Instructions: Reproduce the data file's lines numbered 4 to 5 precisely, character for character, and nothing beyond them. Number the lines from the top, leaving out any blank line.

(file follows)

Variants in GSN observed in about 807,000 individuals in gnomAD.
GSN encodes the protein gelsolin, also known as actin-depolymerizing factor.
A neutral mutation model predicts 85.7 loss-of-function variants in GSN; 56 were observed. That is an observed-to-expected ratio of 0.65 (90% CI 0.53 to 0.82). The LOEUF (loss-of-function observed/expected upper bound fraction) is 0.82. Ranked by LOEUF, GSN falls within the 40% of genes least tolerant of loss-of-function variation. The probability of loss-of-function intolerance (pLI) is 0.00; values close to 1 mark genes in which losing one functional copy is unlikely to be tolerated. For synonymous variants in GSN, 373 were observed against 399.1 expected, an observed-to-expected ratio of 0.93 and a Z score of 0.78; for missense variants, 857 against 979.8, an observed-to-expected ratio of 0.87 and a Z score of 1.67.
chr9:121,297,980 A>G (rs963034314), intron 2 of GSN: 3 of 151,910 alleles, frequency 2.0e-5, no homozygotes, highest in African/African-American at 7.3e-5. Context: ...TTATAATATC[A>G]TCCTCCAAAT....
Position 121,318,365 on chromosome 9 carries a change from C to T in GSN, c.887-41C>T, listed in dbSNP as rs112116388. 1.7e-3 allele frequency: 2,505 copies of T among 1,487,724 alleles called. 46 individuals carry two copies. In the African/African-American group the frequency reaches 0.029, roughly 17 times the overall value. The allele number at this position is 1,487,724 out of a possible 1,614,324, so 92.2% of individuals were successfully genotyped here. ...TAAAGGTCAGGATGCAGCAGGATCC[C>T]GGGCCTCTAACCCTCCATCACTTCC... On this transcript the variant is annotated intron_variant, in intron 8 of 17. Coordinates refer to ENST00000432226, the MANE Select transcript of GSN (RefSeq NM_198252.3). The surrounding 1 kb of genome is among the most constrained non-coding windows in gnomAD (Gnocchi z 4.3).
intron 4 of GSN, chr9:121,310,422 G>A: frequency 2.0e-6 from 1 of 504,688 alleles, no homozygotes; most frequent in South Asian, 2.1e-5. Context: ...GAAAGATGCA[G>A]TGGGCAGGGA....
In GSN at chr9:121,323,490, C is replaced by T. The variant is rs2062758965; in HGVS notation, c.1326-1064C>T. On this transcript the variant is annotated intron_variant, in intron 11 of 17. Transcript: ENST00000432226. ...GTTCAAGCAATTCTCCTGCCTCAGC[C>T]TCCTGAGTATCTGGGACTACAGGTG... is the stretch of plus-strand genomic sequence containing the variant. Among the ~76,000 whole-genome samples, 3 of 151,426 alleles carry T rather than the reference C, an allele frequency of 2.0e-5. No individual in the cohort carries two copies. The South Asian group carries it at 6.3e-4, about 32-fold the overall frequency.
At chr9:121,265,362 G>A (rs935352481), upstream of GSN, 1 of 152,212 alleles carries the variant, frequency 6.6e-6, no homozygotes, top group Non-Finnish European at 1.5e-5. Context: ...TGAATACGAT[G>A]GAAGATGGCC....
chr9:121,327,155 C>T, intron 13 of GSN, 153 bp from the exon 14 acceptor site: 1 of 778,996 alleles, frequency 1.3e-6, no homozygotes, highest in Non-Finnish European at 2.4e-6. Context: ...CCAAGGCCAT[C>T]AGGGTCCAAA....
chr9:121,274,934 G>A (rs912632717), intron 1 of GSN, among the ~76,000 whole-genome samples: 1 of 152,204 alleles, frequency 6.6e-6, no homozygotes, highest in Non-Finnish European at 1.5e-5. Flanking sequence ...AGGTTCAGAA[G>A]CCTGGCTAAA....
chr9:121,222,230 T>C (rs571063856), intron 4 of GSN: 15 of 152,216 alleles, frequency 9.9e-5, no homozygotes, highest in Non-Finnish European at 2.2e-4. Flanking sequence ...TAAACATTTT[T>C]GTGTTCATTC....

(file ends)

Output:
chr9:121,297,980 A>G (rs963034314), intron 2 of GSN: 3 of 151,910 alleles, frequency 2.0e-5, no homozygotes, highest in African/African-American at 7.3e-5. Context: ...TTATAATATC[A>G]TCCTCCAAAT....
Position 121,318,365 on chromosome 9 carries a change from C to T in GSN, c.887-41C>T, listed in dbSNP as rs112116388. 1.7e-3 allele frequency: 2,505 copies of T among 1,487,724 alleles called. 46 individuals carry two copies. In the African/African-American group the frequency reaches 0.029, roughly 17 times the overall value. The allele number at this position is 1,487,724 out of a possible 1,614,324, so 92.2% of individuals were successfully genotyped here. ...TAAAGGTCAGGATGCAGCAGGATCC[C>T]GGGCCTCTAACCCTCCATCACTTCC... On this transcript the variant is annotated intron_variant, in intron 8 of 17. Coordinates refer to ENST00000432226, the MANE Select transcript of GSN (RefSeq NM_198252.3). The surrounding 1 kb of genome is among the most constrained non-coding windows in gnomAD (Gnocchi z 4.3).